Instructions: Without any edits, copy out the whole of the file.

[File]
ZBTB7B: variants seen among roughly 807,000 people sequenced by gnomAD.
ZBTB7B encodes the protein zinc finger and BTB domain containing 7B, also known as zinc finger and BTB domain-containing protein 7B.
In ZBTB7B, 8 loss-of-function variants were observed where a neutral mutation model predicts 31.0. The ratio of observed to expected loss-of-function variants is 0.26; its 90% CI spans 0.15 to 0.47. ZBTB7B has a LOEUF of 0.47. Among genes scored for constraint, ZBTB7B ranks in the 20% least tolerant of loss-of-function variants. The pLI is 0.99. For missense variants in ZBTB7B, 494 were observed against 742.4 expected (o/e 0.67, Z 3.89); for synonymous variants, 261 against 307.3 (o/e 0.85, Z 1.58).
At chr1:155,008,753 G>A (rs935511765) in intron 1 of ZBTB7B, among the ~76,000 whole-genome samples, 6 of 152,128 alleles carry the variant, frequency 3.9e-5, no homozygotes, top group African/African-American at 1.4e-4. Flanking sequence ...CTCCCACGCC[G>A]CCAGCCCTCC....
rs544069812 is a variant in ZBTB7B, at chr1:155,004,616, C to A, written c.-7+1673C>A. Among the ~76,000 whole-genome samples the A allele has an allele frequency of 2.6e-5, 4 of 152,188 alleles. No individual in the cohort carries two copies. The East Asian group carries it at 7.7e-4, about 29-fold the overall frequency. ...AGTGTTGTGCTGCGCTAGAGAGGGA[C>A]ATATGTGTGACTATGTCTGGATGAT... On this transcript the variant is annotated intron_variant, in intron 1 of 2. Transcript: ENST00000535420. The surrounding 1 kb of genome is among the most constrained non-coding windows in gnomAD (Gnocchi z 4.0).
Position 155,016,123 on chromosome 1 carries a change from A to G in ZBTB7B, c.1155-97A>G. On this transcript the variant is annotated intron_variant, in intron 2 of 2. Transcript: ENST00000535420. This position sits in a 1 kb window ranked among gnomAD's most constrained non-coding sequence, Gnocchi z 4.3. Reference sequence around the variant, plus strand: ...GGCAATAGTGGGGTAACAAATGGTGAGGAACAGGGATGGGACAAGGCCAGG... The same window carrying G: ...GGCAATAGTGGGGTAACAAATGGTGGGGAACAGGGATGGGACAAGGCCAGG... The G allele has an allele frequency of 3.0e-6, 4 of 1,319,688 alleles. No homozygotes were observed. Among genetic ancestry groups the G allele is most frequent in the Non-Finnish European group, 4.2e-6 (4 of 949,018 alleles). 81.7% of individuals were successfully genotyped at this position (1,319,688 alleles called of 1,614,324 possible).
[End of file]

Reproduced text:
ZBTB7B: variants seen among roughly 807,000 people sequenced by gnomAD.
ZBTB7B encodes the protein zinc finger and BTB domain containing 7B, also known as zinc finger and BTB domain-containing protein 7B.
In ZBTB7B, 8 loss-of-function variants were observed where a neutral mutation model predicts 31.0. The ratio of observed to expected loss-of-function variants is 0.26; its 90% CI spans 0.15 to 0.47. ZBTB7B has a LOEUF of 0.47. Among genes scored for constraint, ZBTB7B ranks in the 20% least tolerant of loss-of-function variants. The pLI is 0.99. For missense variants in ZBTB7B, 494 were observed against 742.4 expected (o/e 0.67, Z 3.89); for synonymous variants, 261 against 307.3 (o/e 0.85, Z 1.58).
At chr1:155,008,753 G>A (rs935511765) in intron 1 of ZBTB7B, among the ~76,000 whole-genome samples, 6 of 152,128 alleles carry the variant, frequency 3.9e-5, no homozygotes, top group African/African-American at 1.4e-4. Flanking sequence ...CTCCCACGCC[G>A]CCAGCCCTCC....
rs544069812 is a variant in ZBTB7B, at chr1:155,004,616, C to A, written c.-7+1673C>A. Among the ~76,000 whole-genome samples the A allele has an allele frequency of 2.6e-5, 4 of 152,188 alleles. No individual in the cohort carries two copies. The East Asian group carries it at 7.7e-4, about 29-fold the overall frequency. ...AGTGTTGTGCTGCGCTAGAGAGGGA[C>A]ATATGTGTGACTATGTCTGGATGAT... On this transcript the variant is annotated intron_variant, in intron 1 of 2. Transcript: ENST00000535420. The surrounding 1 kb of genome is among the most constrained non-coding windows in gnomAD (Gnocchi z 4.0).
Position 155,016,123 on chromosome 1 carries a change from A to G in ZBTB7B, c.1155-97A>G. On this transcript the variant is annotated intron_variant, in intron 2 of 2. Transcript: ENST00000535420. This position sits in a 1 kb window ranked among gnomAD's most constrained non-coding sequence, Gnocchi z 4.3. Reference sequence around the variant, plus strand: ...GGCAATAGTGGGGTAACAAATGGTGAGGAACAGGGATGGGACAAGGCCAGG... The same window carrying G: ...GGCAATAGTGGGGTAACAAATGGTGGGGAACAGGGATGGGACAAGGCCAGG... The G allele has an allele frequency of 3.0e-6, 4 of 1,319,688 alleles. No homozygotes were observed. Among genetic ancestry groups the G allele is most frequent in the Non-Finnish European group, 4.2e-6 (4 of 949,018 alleles). 81.7% of individuals were successfully genotyped at this position (1,319,688 alleles called of 1,614,324 possible).